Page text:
Thursday, January 28, 2010

Back to the (Future) Land

Did I sound preachy yesterday and the day before? Oh, I hope not!

Maybe it’s my age, but I no longer have many wants. I look around the house and yard, here, just off the one-lane road, and see clothing I no longer wear; items of one kind or another we no longer use or need. So, I’m talking to myself, truly! I believe this is partially what spring cleaning is all about! It’s time for me to send this unused and unwanted “stuff” on to its “second time around” owner. I’m guilty of not doing the same thing I’m advocating: if I am not using it, I need to pass it on (providing it’s fit to use!)

Neither was I advocating ditching a job in favor of taking a fling at self-sufficiency, but rather suggesting we all are exploring continually where we would like to be.

If, on the other hand, one were to find themselves in a situation where an outside job was reduced or eliminated quite suddenly, (not uncommon nowadays) with few prospects for changing the situation any time soon-- maybe it puts a different light on the quest for self-sufficiency. I’ve wondered if the current state of affairs economically in this country wouldn’t spark another so-called “back-to-the-land” movement similar to what we had in the late 1960’s and early ‘70’s. Curiosity led me to Wikipedia and sure enough, there are indications that people are, indeed, once again exploring rural living.  Throughout history, it seems there have been various “back-to-the-land “movements” stretching back to just before the fall of the Roman Empire. These have occurred largely because urban circumstances became intolerable, and people, trying to survive, envisioned a better life for themselves in the hinterlands outside  urbania.

Several have sprouted up in America: people homesteaded during The Great Depression; and, after World War II Veterans returning home sought a “meaningful” life and there was a strong interest in moving to rural circumstances. You might enjoy a book that was well known to me as a child since I lived in the Pacific Northwest, called The Egg and I by Betty McDonald. It’s a hilarious account of going back to the land in the 1940’s. Eventually it became a movie, starring Fred McMurray and Claudette Colbert.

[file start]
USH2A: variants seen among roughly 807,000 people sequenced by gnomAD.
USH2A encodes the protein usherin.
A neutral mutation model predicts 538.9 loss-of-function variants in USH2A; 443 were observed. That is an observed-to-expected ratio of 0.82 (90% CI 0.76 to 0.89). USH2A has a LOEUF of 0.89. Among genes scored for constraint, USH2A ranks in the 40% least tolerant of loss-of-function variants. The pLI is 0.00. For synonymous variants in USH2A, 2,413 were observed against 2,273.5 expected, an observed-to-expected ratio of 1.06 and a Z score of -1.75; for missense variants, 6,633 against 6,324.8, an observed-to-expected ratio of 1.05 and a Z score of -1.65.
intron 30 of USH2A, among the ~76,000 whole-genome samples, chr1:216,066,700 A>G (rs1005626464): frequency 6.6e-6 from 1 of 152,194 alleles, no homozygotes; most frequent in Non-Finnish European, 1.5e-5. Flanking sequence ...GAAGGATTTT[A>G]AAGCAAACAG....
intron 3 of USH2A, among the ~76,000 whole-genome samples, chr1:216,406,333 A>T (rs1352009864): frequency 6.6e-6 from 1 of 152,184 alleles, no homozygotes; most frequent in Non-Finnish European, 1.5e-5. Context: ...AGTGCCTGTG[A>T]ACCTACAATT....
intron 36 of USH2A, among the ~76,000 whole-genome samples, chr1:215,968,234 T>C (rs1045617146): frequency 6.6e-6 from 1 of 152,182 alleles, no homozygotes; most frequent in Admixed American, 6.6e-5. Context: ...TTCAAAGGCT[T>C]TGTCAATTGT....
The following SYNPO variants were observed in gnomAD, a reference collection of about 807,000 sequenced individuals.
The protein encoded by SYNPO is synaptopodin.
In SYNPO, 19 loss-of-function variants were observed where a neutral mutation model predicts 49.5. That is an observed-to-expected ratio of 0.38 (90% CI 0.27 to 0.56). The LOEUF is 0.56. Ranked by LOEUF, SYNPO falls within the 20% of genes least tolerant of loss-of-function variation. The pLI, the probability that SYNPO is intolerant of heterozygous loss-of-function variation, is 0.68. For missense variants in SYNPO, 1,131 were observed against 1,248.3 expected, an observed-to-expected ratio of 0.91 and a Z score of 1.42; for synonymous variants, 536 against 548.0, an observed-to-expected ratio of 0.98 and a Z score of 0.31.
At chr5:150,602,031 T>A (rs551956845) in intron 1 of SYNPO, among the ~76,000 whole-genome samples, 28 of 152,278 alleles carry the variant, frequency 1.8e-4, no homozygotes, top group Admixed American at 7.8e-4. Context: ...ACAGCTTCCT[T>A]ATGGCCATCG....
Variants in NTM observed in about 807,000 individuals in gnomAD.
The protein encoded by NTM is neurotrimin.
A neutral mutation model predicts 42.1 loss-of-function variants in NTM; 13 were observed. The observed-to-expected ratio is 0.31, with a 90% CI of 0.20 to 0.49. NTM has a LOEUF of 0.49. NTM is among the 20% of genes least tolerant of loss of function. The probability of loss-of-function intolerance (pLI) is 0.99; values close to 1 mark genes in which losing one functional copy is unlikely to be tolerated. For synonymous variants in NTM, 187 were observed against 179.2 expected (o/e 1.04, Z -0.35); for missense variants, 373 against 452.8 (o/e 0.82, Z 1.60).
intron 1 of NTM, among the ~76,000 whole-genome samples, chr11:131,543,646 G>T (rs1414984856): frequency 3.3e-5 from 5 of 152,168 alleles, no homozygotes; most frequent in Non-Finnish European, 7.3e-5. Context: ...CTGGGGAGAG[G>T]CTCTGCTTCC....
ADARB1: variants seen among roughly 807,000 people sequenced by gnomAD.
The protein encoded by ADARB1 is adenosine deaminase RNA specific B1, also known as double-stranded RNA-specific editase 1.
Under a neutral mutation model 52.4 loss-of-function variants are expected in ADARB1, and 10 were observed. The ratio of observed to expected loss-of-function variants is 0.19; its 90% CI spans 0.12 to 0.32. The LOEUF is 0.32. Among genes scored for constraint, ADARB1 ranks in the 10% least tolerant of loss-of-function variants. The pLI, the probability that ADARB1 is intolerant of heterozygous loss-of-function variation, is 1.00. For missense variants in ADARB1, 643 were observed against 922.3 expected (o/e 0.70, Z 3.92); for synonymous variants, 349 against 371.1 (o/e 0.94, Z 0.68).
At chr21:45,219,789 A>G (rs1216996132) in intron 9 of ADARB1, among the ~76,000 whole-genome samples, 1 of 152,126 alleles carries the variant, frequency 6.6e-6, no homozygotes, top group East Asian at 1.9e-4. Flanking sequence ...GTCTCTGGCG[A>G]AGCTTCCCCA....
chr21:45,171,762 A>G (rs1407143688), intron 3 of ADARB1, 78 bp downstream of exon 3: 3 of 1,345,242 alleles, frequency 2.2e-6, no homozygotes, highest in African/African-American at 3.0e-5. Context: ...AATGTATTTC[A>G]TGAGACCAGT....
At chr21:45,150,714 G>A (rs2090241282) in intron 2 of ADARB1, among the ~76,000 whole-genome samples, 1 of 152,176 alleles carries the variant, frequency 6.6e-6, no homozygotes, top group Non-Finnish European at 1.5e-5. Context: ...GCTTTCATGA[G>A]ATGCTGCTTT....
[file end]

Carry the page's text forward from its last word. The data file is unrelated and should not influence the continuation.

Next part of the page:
One of the most significant things about the movement of the 60’s and 70’s was the size of it. It was also interesting to me to know that the movement was fueled by “rampant consumerism.”  I was  also surprised to discover that there is now an antonym to Consumerism—a “movement” if you will, called Enoughism.

I found both historical accounts fascinating and was somewhat nostalgic thinking back to my dog-earred copies of the Whole Earth Catalog and Mother Earth News (for whom I wrote a couple of articles.) There are many links in both Wiki entries that are just fun to follow out. Do take the time to browse it. Perhaps most significant is the overview of who “succeeded” at being a back-to-the-lander and the three most critical needs in order to do so. I’ll leave that up to you to discover.

The prospect of finding a small piece of ground for a garden, a milk cow, some chickens-- becomes very attractive, especially to supplement a pared-down income. Remember the old phrase, “I am not my job?” The implication is that you have an identity beyond what you do to earn a few dollars with the idea being that the job may take less of one’s soul to accomplish it, with something left over for tending to the chores and joys at home.

Those who would choose such a route probably won’t ever get to the point of flying off to Alaska in a red float plane to watch jumping whales “anytime you and Susie decide you want to,” but given the right attitude, they’ll probably enjoy life every bit as much if not more.

Have fun with exploring!

1 comment:

  1. Ruta M.
    I think that many people are at least growing their own vegetables and some people at least are begining to see that this rampant consumerism is unnecessary.But realistically the biggest proportion of peoples' living costs is housing and fuel/energy costs and all too often there is little you can do about them apart from insulation and efficient usage.In this country many older people have poor heating or are too worried to use the heating they have.I'm sitting here with 2 jumpers, fingerless gloves and a blanket over my knees but actually it is the breathing in of cold damp air that causes so much illness in older people. Of course energy efficient houses can be built with minimal heating costs but how many people can think of moving to a new build house. In this country housing is incredibly expensive and now they say that young (both working) couples would not be able to afford a deposit and mortgage for their first home until they are in their early 30's. It's all very worrying.